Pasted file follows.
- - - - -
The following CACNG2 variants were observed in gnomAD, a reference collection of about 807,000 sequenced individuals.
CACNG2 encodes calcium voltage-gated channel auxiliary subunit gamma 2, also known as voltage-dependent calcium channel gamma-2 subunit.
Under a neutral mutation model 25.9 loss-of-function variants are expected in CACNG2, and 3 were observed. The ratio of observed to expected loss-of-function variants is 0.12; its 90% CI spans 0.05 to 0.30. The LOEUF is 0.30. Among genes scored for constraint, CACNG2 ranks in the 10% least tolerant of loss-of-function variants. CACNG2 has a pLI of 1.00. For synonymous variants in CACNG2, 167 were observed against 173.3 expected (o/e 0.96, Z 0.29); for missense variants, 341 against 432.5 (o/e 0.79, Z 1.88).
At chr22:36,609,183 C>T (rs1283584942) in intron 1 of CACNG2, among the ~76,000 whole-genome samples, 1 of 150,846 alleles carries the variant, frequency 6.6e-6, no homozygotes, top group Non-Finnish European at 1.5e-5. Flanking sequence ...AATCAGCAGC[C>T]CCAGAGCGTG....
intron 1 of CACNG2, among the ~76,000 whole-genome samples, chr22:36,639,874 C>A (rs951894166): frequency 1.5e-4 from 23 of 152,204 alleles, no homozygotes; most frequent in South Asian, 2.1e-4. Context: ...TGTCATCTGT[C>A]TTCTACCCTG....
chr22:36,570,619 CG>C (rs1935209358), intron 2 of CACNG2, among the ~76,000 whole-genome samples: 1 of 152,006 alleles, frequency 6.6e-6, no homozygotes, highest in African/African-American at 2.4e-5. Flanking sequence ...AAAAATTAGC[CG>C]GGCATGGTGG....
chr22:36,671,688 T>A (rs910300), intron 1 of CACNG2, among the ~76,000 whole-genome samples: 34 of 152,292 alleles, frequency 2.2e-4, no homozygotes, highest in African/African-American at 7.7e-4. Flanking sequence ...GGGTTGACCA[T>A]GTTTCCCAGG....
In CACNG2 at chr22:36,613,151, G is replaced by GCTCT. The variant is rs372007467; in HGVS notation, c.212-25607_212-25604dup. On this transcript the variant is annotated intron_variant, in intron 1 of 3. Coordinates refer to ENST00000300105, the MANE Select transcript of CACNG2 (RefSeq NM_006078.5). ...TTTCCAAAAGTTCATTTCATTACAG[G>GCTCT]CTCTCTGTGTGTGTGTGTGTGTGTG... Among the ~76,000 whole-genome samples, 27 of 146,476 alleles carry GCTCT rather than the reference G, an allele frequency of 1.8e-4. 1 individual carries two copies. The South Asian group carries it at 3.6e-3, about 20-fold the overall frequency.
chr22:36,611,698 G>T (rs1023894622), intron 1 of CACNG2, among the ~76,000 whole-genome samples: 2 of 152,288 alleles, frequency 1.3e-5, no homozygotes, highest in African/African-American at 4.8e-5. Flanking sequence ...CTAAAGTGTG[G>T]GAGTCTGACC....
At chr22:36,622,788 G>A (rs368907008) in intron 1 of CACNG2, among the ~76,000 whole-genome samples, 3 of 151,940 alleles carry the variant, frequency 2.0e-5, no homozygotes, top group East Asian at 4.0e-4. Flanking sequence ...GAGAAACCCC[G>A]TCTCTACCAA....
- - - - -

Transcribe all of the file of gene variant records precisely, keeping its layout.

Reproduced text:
The following CACNG2 variants were observed in gnomAD, a reference collection of about 807,000 sequenced individuals.
CACNG2 encodes calcium voltage-gated channel auxiliary subunit gamma 2, also known as voltage-dependent calcium channel gamma-2 subunit.
Under a neutral mutation model 25.9 loss-of-function variants are expected in CACNG2, and 3 were observed. The ratio of observed to expected loss-of-function variants is 0.12; its 90% CI spans 0.05 to 0.30. The LOEUF is 0.30. Among genes scored for constraint, CACNG2 ranks in the 10% least tolerant of loss-of-function variants. CACNG2 has a pLI of 1.00. For synonymous variants in CACNG2, 167 were observed against 173.3 expected (o/e 0.96, Z 0.29); for missense variants, 341 against 432.5 (o/e 0.79, Z 1.88).
At chr22:36,609,183 C>T (rs1283584942) in intron 1 of CACNG2, among the ~76,000 whole-genome samples, 1 of 150,846 alleles carries the variant, frequency 6.6e-6, no homozygotes, top group Non-Finnish European at 1.5e-5. Flanking sequence ...AATCAGCAGC[C>T]CCAGAGCGTG....
intron 1 of CACNG2, among the ~76,000 whole-genome samples, chr22:36,639,874 C>A (rs951894166): frequency 1.5e-4 from 23 of 152,204 alleles, no homozygotes; most frequent in South Asian, 2.1e-4. Context: ...TGTCATCTGT[C>A]TTCTACCCTG....
chr22:36,570,619 CG>C (rs1935209358), intron 2 of CACNG2, among the ~76,000 whole-genome samples: 1 of 152,006 alleles, frequency 6.6e-6, no homozygotes, highest in African/African-American at 2.4e-5. Flanking sequence ...AAAAATTAGC[CG>C]GGCATGGTGG....
chr22:36,671,688 T>A (rs910300), intron 1 of CACNG2, among the ~76,000 whole-genome samples: 34 of 152,292 alleles, frequency 2.2e-4, no homozygotes, highest in African/African-American at 7.7e-4. Flanking sequence ...GGGTTGACCA[T>A]GTTTCCCAGG....
In CACNG2 at chr22:36,613,151, G is replaced by GCTCT. The variant is rs372007467; in HGVS notation, c.212-25607_212-25604dup. On this transcript the variant is annotated intron_variant, in intron 1 of 3. Coordinates refer to ENST00000300105, the MANE Select transcript of CACNG2 (RefSeq NM_006078.5). ...TTTCCAAAAGTTCATTTCATTACAG[G>GCTCT]CTCTCTGTGTGTGTGTGTGTGTGTG... Among the ~76,000 whole-genome samples, 27 of 146,476 alleles carry GCTCT rather than the reference G, an allele frequency of 1.8e-4. 1 individual carries two copies. The South Asian group carries it at 3.6e-3, about 20-fold the overall frequency.
chr22:36,611,698 G>T (rs1023894622), intron 1 of CACNG2, among the ~76,000 whole-genome samples: 2 of 152,288 alleles, frequency 1.3e-5, no homozygotes, highest in African/African-American at 4.8e-5. Flanking sequence ...CTAAAGTGTG[G>T]GAGTCTGACC....
At chr22:36,622,788 G>A (rs368907008) in intron 1 of CACNG2, among the ~76,000 whole-genome samples, 3 of 151,940 alleles carry the variant, frequency 2.0e-5, no homozygotes, top group East Asian at 4.0e-4. Flanking sequence ...GAGAAACCCC[G>A]TCTCTACCAA....